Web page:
Joe O’Donnell, a mainstay of the Buffalo Bills’ offensive line in the 1960s, died on Thursday in his native Michigan at age 77.
O’Donnell played 91 games for the Bills from 1964 to 1971 and helped the team win AFL Championships in 1964 and 1965.
A star at Milan High School, outside of Detroit, O’Donnell was recruited to the University of Michigan as a fullback. He moved to the offensive line as a sophomore and in 1963 made All-Big Ten and honorable mention All-America.
He was picked in the third round, 40th overall, of the 1964 NFL Draft by the Green Bay Packers and in the 13th round, 101st overall, by the Bills in the AFL Draft. He signed with the Bills and made an immediate impact. The 6-foot-2, 262-pounder started at a handful of games as a rookie at right tackle in relief of starter Dick Hudson.
O’Donnell moved into the starting lineup at right guard in the 1965 AFL title-game victory at San Diego due to an injury to center Dave Behrman. O'Donnell held down that starting guard spot five of the next six seasons. He missed the 1968 campaign due to a knee injury suffered in preseason.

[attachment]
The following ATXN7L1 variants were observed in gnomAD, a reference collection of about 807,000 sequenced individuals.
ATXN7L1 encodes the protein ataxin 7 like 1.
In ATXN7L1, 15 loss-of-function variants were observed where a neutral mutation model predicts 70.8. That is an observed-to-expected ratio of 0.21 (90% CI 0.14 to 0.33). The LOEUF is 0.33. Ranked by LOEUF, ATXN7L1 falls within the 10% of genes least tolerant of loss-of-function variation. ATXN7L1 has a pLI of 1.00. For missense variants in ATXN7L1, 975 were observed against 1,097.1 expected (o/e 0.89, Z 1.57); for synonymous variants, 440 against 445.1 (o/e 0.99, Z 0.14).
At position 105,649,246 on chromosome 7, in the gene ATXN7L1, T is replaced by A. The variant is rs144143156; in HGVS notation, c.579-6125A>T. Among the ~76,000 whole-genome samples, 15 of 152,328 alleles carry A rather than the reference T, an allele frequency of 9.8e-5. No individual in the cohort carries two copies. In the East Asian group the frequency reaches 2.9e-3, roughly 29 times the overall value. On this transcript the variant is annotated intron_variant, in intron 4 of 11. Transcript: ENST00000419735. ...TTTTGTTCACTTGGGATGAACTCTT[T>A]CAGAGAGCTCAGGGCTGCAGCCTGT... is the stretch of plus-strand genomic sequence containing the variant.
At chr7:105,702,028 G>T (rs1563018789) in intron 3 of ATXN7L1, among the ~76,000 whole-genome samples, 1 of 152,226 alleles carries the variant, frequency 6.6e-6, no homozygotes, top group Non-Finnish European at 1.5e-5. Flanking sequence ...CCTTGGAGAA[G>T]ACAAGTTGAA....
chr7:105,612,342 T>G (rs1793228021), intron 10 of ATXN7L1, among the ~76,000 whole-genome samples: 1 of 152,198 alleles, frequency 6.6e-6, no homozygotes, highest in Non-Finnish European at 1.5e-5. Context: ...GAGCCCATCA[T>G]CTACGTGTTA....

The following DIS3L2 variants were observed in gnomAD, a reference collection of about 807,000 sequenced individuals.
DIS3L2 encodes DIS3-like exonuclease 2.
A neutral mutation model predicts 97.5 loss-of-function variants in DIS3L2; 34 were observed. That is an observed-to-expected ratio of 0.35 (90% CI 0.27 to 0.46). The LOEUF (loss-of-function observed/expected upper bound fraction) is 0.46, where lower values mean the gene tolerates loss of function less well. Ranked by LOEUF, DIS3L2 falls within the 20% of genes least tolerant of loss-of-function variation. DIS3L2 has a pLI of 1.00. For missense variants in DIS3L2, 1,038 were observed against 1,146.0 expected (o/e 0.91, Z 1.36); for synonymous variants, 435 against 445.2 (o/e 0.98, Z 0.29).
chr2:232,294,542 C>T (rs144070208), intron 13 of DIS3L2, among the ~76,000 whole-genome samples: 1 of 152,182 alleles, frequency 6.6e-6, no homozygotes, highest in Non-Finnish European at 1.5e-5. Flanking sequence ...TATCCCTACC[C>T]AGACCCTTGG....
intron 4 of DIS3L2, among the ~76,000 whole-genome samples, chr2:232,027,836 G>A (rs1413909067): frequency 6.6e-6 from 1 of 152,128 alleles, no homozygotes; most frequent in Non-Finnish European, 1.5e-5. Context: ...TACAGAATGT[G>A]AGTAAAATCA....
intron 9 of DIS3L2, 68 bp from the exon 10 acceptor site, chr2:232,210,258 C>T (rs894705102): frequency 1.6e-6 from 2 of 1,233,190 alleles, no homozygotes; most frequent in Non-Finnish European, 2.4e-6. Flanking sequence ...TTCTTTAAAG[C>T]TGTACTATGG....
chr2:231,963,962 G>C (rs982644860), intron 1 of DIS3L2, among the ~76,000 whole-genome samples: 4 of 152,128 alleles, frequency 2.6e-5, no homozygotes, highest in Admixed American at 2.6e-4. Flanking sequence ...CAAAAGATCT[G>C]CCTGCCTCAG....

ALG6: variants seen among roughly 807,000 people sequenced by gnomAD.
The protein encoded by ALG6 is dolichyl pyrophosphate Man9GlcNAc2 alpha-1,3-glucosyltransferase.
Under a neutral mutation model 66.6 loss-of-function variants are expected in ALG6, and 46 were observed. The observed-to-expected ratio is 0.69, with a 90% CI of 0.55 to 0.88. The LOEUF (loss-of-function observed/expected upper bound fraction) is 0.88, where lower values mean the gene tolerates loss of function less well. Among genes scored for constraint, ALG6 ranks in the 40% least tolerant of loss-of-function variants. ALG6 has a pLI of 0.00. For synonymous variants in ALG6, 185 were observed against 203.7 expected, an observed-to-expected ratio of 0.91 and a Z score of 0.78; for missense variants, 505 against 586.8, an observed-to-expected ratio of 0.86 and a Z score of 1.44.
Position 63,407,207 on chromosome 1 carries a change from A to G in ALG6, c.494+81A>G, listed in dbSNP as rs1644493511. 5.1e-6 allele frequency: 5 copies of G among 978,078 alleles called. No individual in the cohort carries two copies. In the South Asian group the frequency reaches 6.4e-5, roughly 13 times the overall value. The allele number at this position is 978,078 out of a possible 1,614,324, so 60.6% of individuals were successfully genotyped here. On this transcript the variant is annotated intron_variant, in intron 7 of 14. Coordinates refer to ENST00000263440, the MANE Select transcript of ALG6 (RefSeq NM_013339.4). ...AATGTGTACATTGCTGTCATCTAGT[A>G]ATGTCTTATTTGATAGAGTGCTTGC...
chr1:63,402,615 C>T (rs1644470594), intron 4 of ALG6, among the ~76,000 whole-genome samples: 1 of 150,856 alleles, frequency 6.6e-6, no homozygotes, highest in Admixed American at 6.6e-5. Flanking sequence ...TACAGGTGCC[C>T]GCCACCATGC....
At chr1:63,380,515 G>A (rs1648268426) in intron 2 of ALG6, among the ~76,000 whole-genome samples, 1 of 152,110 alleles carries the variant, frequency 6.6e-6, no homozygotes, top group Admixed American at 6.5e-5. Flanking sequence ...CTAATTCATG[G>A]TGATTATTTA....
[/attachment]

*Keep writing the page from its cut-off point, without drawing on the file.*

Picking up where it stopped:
The Bills traded him to the St. Louis Cardinals in 1972. He opted to retire instead of joining the Cardinals.
We express our deepest condolences to the family and friends of former Bills offensive lineman Joe O’Donnell who passed away Thursday morning. pic.twitter.com/JfDW8Zjabb
— Buffalo Bills (@buffalobills) January 18, 2019
But he came out of retirement in 1974 to start for the Birmingham Americans in the inaugural season of the World Football League. O’Donnell joined former Bills Paul Costa and Edgar Chandler on the squad, which won the first WFL championship.
O'Donnell moved back to Milan after his playing career and served as an assistant coach on the high school football team for several decades. He’s a past winner of the assistant coach of the year award from the Michigan high school coaches association. The football field at Milan High was named in his honor in 2009.